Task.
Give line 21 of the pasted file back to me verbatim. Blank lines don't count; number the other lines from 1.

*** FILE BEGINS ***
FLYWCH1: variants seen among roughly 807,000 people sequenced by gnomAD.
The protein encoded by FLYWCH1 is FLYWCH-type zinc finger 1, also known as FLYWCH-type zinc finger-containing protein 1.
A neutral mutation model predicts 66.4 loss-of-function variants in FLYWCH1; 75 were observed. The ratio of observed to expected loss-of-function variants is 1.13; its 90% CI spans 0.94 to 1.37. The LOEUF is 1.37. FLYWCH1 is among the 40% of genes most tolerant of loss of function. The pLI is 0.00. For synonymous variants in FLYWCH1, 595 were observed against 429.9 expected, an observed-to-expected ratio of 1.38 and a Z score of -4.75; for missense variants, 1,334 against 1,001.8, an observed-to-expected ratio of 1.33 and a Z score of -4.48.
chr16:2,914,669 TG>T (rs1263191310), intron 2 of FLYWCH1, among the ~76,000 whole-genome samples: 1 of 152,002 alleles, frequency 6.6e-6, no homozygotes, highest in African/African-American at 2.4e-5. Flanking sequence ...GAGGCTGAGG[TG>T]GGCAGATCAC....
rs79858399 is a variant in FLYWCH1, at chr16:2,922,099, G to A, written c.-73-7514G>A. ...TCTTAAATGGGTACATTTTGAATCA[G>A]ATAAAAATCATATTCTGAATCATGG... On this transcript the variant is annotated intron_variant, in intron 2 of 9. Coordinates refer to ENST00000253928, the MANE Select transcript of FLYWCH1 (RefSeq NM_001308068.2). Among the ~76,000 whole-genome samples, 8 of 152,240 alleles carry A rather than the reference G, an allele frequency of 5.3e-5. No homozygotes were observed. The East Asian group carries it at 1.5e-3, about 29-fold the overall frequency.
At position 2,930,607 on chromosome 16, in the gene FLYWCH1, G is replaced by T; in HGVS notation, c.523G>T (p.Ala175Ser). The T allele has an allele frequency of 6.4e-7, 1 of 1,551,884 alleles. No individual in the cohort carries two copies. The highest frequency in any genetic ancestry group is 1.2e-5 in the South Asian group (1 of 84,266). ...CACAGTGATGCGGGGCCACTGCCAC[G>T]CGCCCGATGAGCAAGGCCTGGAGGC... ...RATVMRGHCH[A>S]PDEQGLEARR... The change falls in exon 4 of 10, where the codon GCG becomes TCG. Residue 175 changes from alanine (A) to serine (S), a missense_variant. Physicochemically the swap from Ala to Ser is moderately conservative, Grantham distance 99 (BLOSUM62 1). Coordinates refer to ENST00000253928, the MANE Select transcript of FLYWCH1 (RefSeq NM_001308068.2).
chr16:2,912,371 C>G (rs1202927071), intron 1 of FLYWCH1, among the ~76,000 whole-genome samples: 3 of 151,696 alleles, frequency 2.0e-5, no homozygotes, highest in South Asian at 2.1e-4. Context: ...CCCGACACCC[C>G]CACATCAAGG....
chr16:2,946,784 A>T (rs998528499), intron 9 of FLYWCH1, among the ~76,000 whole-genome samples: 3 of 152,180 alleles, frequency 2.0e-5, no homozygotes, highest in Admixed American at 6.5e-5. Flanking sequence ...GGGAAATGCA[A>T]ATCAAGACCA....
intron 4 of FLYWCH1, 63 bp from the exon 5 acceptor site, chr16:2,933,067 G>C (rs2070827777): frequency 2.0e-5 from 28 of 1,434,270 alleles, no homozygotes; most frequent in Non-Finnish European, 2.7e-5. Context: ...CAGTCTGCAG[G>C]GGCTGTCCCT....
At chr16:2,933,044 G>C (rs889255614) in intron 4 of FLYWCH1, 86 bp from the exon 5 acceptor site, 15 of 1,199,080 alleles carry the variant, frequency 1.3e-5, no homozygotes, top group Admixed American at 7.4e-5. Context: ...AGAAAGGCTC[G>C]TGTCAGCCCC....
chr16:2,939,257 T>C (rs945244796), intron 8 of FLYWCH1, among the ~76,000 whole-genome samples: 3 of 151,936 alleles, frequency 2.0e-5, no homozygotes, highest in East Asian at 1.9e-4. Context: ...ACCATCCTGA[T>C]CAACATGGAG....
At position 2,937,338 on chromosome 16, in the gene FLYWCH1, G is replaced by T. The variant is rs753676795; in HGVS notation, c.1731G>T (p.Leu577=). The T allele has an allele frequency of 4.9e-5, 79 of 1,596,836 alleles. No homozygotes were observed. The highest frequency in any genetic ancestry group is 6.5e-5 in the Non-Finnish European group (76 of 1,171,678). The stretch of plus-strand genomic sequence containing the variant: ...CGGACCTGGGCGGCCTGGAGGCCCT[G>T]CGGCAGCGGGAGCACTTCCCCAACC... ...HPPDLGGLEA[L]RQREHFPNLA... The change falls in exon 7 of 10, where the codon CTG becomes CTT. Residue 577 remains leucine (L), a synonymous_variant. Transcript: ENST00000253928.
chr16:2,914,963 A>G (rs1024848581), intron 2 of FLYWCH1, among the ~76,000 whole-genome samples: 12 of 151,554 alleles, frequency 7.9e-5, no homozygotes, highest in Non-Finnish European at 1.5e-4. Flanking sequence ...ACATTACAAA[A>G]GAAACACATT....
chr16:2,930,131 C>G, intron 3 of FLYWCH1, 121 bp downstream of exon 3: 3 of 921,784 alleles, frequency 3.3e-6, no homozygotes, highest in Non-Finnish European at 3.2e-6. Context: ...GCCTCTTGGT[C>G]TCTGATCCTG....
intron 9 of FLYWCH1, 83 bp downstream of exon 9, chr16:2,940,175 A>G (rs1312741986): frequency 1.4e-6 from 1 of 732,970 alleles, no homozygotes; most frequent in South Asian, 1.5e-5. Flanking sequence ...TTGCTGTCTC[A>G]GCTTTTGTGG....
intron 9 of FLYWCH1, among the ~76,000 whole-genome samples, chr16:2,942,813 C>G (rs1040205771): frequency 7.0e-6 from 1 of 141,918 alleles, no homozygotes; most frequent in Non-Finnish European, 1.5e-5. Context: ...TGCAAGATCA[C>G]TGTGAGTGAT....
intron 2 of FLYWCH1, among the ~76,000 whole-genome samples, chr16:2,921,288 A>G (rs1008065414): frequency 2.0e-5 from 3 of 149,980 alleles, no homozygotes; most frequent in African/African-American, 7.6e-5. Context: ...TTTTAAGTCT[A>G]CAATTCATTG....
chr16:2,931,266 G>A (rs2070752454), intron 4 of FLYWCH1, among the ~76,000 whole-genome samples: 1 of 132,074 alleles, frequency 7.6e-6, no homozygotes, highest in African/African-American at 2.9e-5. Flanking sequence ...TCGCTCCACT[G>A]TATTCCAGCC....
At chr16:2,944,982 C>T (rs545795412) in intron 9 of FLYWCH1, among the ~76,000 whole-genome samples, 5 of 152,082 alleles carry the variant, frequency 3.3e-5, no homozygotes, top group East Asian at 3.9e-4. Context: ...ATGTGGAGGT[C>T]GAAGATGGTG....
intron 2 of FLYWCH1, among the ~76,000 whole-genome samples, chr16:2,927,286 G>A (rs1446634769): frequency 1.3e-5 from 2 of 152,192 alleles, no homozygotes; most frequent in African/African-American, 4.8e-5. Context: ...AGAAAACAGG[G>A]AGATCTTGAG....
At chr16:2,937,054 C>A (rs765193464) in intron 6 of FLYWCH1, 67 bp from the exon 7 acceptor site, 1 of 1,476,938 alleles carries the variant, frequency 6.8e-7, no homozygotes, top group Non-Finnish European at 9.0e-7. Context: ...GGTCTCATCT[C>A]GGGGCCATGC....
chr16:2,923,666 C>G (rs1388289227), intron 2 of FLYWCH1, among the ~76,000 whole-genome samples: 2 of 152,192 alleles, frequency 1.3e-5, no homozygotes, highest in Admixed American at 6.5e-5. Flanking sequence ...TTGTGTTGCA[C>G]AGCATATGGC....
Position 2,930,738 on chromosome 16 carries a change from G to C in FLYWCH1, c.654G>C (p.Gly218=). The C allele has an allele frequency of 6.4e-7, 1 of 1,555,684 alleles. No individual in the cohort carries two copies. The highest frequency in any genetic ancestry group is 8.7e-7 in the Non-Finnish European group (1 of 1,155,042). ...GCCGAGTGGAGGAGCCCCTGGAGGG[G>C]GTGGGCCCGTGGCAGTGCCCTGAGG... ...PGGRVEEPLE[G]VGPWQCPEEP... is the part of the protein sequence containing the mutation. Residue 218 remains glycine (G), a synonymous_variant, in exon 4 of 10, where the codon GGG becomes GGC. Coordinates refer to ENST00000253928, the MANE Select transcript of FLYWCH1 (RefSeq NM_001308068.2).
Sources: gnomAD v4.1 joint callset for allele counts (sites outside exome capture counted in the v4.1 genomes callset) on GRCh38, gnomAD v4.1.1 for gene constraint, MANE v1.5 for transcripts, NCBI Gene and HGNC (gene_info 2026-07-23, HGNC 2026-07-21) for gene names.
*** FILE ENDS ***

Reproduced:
At chr16:2,937,054 C>A (rs765193464) in intron 6 of FLYWCH1, 67 bp from the exon 7 acceptor site, 1 of 1,476,938 alleles carries the variant, frequency 6.8e-7, no homozygotes, top group Non-Finnish European at 9.0e-7. Context: ...GGTCTCATCT[C>A]GGGGCCATGC....